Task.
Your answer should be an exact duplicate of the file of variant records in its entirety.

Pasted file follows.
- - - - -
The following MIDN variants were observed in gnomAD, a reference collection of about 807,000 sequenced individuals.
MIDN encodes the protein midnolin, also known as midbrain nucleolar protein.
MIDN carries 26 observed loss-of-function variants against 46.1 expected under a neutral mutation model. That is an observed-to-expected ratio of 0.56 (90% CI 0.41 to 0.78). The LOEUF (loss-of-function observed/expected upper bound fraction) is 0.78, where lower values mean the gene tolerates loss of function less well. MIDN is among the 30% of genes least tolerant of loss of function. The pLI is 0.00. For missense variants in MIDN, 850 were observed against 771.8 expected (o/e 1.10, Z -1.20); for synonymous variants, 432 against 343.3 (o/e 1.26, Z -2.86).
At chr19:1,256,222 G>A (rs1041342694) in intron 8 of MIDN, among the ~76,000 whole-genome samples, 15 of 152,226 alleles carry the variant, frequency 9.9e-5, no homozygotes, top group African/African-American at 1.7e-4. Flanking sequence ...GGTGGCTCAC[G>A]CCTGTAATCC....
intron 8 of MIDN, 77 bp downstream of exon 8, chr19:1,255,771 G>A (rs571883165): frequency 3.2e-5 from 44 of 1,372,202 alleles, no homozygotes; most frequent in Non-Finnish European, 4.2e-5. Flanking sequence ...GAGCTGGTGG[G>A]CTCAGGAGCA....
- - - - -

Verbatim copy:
The following MIDN variants were observed in gnomAD, a reference collection of about 807,000 sequenced individuals.
MIDN encodes the protein midnolin, also known as midbrain nucleolar protein.
MIDN carries 26 observed loss-of-function variants against 46.1 expected under a neutral mutation model. That is an observed-to-expected ratio of 0.56 (90% CI 0.41 to 0.78). The LOEUF (loss-of-function observed/expected upper bound fraction) is 0.78, where lower values mean the gene tolerates loss of function less well. MIDN is among the 30% of genes least tolerant of loss of function. The pLI is 0.00. For missense variants in MIDN, 850 were observed against 771.8 expected (o/e 1.10, Z -1.20); for synonymous variants, 432 against 343.3 (o/e 1.26, Z -2.86).
At chr19:1,256,222 G>A (rs1041342694) in intron 8 of MIDN, among the ~76,000 whole-genome samples, 15 of 152,226 alleles carry the variant, frequency 9.9e-5, no homozygotes, top group African/African-American at 1.7e-4. Flanking sequence ...GGTGGCTCAC[G>A]CCTGTAATCC....
intron 8 of MIDN, 77 bp downstream of exon 8, chr19:1,255,771 G>A (rs571883165): frequency 3.2e-5 from 44 of 1,372,202 alleles, no homozygotes; most frequent in Non-Finnish European, 4.2e-5. Flanking sequence ...GAGCTGGTGG[G>A]CTCAGGAGCA....